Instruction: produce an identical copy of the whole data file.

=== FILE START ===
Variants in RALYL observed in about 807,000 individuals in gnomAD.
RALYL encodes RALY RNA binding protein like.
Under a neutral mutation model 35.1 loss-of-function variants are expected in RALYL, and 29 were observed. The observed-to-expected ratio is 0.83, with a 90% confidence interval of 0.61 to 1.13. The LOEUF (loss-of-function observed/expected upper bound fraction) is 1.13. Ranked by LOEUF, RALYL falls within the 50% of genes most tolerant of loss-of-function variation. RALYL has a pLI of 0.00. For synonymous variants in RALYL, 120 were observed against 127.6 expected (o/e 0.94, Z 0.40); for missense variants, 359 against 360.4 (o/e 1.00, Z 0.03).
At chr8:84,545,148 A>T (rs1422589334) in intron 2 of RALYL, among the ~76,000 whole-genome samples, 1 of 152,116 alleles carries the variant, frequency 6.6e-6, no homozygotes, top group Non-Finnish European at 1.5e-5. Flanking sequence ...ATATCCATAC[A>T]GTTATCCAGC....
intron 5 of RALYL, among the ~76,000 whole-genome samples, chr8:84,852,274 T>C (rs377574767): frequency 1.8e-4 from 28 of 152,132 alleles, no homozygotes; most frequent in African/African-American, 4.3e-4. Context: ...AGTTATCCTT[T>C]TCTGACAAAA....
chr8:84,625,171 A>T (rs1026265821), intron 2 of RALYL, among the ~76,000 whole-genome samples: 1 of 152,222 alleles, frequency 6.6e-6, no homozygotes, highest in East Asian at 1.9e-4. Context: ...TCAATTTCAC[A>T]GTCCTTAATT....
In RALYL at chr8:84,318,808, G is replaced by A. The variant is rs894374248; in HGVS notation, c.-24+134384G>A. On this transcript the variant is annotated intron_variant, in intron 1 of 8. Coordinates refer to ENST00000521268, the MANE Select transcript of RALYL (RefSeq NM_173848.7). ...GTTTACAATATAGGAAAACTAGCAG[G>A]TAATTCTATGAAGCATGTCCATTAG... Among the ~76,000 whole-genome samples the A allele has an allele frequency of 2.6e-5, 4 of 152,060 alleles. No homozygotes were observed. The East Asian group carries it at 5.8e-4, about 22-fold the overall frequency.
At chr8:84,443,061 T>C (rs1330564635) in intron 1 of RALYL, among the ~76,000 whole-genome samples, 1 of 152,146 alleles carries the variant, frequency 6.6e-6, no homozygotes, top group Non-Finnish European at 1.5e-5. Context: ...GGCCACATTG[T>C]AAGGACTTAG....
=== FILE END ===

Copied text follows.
Variants in RALYL observed in about 807,000 individuals in gnomAD.
RALYL encodes RALY RNA binding protein like.
Under a neutral mutation model 35.1 loss-of-function variants are expected in RALYL, and 29 were observed. The observed-to-expected ratio is 0.83, with a 90% confidence interval of 0.61 to 1.13. The LOEUF (loss-of-function observed/expected upper bound fraction) is 1.13. Ranked by LOEUF, RALYL falls within the 50% of genes most tolerant of loss-of-function variation. RALYL has a pLI of 0.00. For synonymous variants in RALYL, 120 were observed against 127.6 expected (o/e 0.94, Z 0.40); for missense variants, 359 against 360.4 (o/e 1.00, Z 0.03).
At chr8:84,545,148 A>T (rs1422589334) in intron 2 of RALYL, among the ~76,000 whole-genome samples, 1 of 152,116 alleles carries the variant, frequency 6.6e-6, no homozygotes, top group Non-Finnish European at 1.5e-5. Flanking sequence ...ATATCCATAC[A>T]GTTATCCAGC....
intron 5 of RALYL, among the ~76,000 whole-genome samples, chr8:84,852,274 T>C (rs377574767): frequency 1.8e-4 from 28 of 152,132 alleles, no homozygotes; most frequent in African/African-American, 4.3e-4. Context: ...AGTTATCCTT[T>C]TCTGACAAAA....
chr8:84,625,171 A>T (rs1026265821), intron 2 of RALYL, among the ~76,000 whole-genome samples: 1 of 152,222 alleles, frequency 6.6e-6, no homozygotes, highest in East Asian at 1.9e-4. Context: ...TCAATTTCAC[A>T]GTCCTTAATT....
In RALYL at chr8:84,318,808, G is replaced by A. The variant is rs894374248; in HGVS notation, c.-24+134384G>A. On this transcript the variant is annotated intron_variant, in intron 1 of 8. Coordinates refer to ENST00000521268, the MANE Select transcript of RALYL (RefSeq NM_173848.7). ...GTTTACAATATAGGAAAACTAGCAG[G>A]TAATTCTATGAAGCATGTCCATTAG... Among the ~76,000 whole-genome samples the A allele has an allele frequency of 2.6e-5, 4 of 152,060 alleles. No homozygotes were observed. The East Asian group carries it at 5.8e-4, about 22-fold the overall frequency.
At chr8:84,443,061 T>C (rs1330564635) in intron 1 of RALYL, among the ~76,000 whole-genome samples, 1 of 152,146 alleles carries the variant, frequency 6.6e-6, no homozygotes, top group Non-Finnish European at 1.5e-5. Context: ...GGCCACATTG[T>C]AAGGACTTAG....